NASA’s Juno spacecraft travelled 1.7 billion miles, in 5 years, at 165000 miles an hour to reach orbit around the planet Jupiter. Only one problem: it was 1 second late.
Thanks to Alice for pointing this out in This Week.
(note: Jupiter is the Roman version of the ancient Greek chief god, Zeus. Juno is the Roman version of the ancient goddess Hera, consort of Zeus.) Jupiter is largest planet in our star’s system.
What is our name for our star?
Juno spacecraft enters Jupiter’s orbit source This Week
Ringo Chiu/AFP/Getty Images
Nearly five years after its launch, NASA’s Juno spacecraft achieved orbit around Jupiter late Monday.
At NASA’s Jet Propulsion Lab in Southern California, thrilled scientists received a signal from the spacecraft at 11:53 p.m. Eastern time announcing it was in orbit after a 35-minute engine burn. The most difficult part of the entrance took place at around 10:30 p.m., when Juno passed through a belt of radiation where electrons went back and forth at nearly the speed of light and could have easily fried the spacecraft’s electronics, but they were protected by a titanium vault.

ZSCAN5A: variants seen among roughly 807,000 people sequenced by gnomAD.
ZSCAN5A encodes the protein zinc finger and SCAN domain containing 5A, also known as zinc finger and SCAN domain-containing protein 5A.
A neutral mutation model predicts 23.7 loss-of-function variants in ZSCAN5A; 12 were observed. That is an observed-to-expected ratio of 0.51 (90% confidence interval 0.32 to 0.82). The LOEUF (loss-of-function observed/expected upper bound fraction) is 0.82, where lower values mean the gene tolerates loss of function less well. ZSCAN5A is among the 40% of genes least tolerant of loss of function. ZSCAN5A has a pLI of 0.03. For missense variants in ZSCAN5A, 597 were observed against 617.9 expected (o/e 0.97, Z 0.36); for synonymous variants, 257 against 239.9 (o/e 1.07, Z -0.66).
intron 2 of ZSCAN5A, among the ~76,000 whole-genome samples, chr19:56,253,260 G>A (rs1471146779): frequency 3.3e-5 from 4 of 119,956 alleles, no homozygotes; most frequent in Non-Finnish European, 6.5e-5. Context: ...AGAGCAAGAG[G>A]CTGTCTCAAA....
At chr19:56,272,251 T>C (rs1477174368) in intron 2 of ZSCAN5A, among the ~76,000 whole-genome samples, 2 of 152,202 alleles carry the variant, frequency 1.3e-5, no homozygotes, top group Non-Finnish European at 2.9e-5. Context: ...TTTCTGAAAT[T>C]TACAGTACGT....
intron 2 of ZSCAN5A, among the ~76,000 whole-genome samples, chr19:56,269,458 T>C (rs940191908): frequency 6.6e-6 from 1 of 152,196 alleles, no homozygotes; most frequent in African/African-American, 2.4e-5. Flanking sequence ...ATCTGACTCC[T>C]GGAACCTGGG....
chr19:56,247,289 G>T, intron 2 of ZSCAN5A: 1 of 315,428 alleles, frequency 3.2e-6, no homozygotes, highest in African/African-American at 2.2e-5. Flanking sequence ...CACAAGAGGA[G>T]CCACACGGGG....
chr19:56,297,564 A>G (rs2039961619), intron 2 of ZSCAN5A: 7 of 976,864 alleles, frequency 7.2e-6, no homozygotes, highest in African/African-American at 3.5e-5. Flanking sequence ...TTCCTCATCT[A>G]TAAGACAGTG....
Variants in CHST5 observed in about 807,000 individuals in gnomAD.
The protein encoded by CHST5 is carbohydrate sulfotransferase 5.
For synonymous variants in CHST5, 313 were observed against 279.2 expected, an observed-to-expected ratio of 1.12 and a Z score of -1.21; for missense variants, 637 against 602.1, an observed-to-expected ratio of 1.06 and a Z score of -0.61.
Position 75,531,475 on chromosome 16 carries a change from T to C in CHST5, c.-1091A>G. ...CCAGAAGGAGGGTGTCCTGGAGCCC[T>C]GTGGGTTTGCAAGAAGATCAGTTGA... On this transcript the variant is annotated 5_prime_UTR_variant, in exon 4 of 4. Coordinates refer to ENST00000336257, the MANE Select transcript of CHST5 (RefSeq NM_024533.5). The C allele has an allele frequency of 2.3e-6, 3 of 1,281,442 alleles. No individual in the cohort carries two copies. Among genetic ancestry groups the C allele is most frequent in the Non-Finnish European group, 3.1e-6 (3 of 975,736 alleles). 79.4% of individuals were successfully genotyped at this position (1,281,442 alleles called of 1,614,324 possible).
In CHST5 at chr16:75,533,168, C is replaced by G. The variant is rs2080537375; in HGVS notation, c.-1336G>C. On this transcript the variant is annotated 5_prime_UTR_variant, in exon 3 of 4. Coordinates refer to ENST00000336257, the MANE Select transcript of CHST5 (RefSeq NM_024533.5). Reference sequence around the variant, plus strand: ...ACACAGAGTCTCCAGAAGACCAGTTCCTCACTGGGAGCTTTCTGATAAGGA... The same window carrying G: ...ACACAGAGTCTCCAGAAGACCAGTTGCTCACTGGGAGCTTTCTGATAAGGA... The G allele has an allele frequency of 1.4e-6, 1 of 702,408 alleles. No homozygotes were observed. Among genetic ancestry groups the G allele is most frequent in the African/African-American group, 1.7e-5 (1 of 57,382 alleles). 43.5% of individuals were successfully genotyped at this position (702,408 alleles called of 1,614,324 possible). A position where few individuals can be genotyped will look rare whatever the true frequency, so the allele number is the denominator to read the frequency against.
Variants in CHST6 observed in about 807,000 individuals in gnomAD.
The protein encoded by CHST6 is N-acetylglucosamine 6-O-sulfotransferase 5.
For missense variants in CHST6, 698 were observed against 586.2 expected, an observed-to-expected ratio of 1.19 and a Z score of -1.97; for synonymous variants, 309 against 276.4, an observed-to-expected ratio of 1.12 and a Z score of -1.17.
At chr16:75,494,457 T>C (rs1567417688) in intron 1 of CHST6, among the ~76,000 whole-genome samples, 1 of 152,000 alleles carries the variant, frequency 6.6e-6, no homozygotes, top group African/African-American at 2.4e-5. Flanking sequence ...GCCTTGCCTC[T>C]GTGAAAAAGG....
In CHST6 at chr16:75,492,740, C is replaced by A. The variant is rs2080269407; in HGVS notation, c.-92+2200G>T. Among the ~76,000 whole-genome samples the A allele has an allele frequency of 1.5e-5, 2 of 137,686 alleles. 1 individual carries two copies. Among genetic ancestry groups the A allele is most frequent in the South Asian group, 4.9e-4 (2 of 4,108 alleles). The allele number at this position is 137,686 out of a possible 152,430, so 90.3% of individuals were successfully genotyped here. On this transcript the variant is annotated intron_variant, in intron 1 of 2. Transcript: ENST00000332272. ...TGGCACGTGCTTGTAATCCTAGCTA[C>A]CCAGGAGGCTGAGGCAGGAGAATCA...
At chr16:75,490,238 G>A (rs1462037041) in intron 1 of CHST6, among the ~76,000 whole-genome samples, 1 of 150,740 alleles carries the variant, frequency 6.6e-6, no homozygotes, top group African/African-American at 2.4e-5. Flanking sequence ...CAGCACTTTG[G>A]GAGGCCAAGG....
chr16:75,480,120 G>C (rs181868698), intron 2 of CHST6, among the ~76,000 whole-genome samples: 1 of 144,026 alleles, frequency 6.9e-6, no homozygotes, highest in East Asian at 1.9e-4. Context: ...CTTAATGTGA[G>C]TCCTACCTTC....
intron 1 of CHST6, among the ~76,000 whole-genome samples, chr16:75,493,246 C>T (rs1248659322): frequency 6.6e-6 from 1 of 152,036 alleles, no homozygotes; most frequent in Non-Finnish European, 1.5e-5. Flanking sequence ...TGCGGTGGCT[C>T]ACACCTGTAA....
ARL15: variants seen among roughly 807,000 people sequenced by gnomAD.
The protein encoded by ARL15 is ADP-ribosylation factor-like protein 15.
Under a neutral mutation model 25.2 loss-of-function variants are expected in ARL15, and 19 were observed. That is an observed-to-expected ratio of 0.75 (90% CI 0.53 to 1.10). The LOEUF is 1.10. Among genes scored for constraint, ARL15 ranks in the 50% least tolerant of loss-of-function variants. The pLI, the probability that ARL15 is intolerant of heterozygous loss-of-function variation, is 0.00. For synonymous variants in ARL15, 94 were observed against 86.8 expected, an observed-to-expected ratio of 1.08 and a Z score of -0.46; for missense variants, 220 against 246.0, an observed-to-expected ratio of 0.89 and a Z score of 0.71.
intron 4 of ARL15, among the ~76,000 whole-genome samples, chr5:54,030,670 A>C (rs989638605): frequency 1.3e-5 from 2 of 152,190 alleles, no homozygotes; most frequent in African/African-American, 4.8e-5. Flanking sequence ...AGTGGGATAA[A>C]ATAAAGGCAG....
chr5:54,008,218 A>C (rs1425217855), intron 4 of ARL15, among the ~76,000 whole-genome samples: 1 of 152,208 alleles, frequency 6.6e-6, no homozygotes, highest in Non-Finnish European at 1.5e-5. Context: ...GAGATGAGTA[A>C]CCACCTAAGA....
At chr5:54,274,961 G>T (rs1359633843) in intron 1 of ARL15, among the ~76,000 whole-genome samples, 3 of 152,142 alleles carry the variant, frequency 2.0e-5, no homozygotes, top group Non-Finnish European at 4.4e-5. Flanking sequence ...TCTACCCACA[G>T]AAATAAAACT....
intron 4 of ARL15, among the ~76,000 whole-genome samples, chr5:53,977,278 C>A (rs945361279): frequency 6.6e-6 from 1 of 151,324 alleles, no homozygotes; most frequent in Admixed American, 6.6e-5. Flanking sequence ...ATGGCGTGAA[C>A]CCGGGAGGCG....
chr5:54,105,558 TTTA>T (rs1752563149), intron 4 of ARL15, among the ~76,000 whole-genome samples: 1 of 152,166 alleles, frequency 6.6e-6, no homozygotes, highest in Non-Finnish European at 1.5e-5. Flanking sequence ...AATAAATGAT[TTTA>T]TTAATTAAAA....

The largest planet in the solar system, Jupiter was likely the first planet formed after the sun and scientists say it could “hold the keys to understanding the origin of the solar system,” The New York Timesreports. “Juno is really searching for some hints about our beginnings, how everything started,” Scott Bolton, Juno’s principal investigator, said. “But these secrets are pretty well guarded by Jupiter.” The craft’s instruments were designed to measure the magnetic and gravitational fields of Jupiter, and its cameras will likely capture images of new moons. Juno’s scientific instruments were turned off before it arrived at Jupiter, and will be turned back on in two days. On Aug. 27, the spacecraft will get its first up-close look at the planet. Catherine Garcia